Anyone who got the investing itch in the ’80s or ’90s followed Peter Lynch at some point. He was the last star mutual fund manager — who left the game early and for the right reasons. Lynch played at a higher level than everyone else.
One of the best examples of this, that I’ve come across, was in the 1988 Baron’s Roundtable discussion. Ten fund managers gathered in the same room to start the year. You might recognize a few — Mario Gabelli, Paul Tudor Jones, John Neff, Michael Price, Jim Rogers, and, of course, Peter Lynch.
It’s three months after the ’87 crash. They’re jittery. They argue about what’s next for the economy, oil prices, interest rates, inflation, trade deficit, and the stock market. Six hours of “what if there’s a recession or another crash?” Basically, the crap you hear on CNBC every day.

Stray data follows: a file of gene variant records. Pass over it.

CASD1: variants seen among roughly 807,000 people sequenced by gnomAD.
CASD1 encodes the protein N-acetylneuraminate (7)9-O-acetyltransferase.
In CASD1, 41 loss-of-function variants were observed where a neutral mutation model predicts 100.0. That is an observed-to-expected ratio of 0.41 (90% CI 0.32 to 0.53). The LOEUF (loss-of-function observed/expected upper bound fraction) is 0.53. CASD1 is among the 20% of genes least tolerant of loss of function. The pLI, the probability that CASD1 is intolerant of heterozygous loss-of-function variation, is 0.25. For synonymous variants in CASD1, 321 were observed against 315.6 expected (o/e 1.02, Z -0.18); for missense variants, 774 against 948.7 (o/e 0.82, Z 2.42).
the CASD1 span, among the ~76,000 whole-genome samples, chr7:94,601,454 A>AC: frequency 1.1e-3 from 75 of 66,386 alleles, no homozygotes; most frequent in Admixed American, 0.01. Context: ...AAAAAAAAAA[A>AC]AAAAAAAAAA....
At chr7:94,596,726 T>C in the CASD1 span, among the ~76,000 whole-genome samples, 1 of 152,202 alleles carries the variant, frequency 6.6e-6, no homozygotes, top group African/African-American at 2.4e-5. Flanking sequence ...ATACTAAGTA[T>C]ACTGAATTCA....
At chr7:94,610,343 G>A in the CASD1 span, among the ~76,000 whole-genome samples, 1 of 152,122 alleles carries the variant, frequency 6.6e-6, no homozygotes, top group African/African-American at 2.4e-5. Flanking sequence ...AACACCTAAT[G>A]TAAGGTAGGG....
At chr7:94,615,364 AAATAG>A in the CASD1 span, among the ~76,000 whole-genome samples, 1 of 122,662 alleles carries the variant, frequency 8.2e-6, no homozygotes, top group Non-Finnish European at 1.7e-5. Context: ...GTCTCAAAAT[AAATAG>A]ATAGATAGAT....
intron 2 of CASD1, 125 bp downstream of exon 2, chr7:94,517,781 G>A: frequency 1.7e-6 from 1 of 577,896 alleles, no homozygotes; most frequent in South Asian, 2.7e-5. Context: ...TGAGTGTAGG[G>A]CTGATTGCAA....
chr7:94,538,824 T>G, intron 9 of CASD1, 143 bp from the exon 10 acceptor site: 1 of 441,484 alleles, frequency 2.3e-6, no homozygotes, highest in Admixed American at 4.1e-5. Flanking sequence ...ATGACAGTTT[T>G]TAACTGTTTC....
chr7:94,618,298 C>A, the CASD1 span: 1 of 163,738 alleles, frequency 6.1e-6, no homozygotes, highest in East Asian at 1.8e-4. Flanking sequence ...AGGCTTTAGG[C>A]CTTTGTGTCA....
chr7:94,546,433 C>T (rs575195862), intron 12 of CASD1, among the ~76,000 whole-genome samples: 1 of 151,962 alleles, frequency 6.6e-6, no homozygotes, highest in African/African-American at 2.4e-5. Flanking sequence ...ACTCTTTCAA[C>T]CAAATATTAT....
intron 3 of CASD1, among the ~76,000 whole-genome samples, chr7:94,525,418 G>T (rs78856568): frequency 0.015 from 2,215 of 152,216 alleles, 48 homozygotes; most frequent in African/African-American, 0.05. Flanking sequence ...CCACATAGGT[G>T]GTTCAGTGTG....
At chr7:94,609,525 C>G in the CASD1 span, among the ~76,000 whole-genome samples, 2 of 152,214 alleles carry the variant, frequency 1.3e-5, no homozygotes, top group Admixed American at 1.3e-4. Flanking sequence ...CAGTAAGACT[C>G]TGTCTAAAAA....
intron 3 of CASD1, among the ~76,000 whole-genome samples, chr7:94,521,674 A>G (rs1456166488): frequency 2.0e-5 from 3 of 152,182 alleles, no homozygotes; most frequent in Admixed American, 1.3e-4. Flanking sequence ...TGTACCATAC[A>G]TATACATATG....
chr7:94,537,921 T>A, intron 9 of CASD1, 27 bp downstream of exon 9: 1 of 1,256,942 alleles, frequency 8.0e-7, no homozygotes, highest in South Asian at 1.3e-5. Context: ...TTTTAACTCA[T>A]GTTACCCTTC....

And then there’s Lynch — I picture him sitting quietly, smirking. Finally, he interrupts:
There’s always something to worry about. But it’s garbage to worry about these things… You have to look at corporate profits, and see what’s going on in the companies. It’s total garbage to worry about the things that’s going to drive us to a 300 Dow. It’ll be something you couldn’t imagine if you picked the brightest or dumbest people in the world and assembled them for hours.
Lynch took a shot at the Roundtable itself and made his point. There’s always something to worry about in investing. But it’s a waste of time and energy because we won’t predict it correctly. Continue Reading…